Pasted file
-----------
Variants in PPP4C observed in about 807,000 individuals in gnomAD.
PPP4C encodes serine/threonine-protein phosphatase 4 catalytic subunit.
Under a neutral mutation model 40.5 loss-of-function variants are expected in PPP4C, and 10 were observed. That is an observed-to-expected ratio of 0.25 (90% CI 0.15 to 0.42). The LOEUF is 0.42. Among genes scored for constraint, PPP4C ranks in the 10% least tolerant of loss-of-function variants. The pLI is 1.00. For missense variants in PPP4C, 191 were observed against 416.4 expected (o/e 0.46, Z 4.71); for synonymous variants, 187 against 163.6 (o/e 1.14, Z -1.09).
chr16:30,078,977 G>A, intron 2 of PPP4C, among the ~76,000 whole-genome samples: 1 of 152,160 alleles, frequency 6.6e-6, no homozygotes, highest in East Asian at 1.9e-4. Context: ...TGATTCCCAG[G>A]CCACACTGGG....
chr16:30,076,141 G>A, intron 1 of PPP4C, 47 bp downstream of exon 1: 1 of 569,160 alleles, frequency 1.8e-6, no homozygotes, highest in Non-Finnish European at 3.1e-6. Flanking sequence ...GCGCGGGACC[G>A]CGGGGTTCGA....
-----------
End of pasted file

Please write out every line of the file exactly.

Variants in PPP4C observed in about 807,000 individuals in gnomAD.
PPP4C encodes serine/threonine-protein phosphatase 4 catalytic subunit.
Under a neutral mutation model 40.5 loss-of-function variants are expected in PPP4C, and 10 were observed. That is an observed-to-expected ratio of 0.25 (90% CI 0.15 to 0.42). The LOEUF is 0.42. Among genes scored for constraint, PPP4C ranks in the 10% least tolerant of loss-of-function variants. The pLI is 1.00. For missense variants in PPP4C, 191 were observed against 416.4 expected (o/e 0.46, Z 4.71); for synonymous variants, 187 against 163.6 (o/e 1.14, Z -1.09).
chr16:30,078,977 G>A, intron 2 of PPP4C, among the ~76,000 whole-genome samples: 1 of 152,160 alleles, frequency 6.6e-6, no homozygotes, highest in East Asian at 1.9e-4. Context: ...TGATTCCCAG[G>A]CCACACTGGG....
chr16:30,076,141 G>A, intron 1 of PPP4C, 47 bp downstream of exon 1: 1 of 569,160 alleles, frequency 1.8e-6, no homozygotes, highest in Non-Finnish European at 3.1e-6. Flanking sequence ...GCGCGGGACC[G>A]CGGGGTTCGA....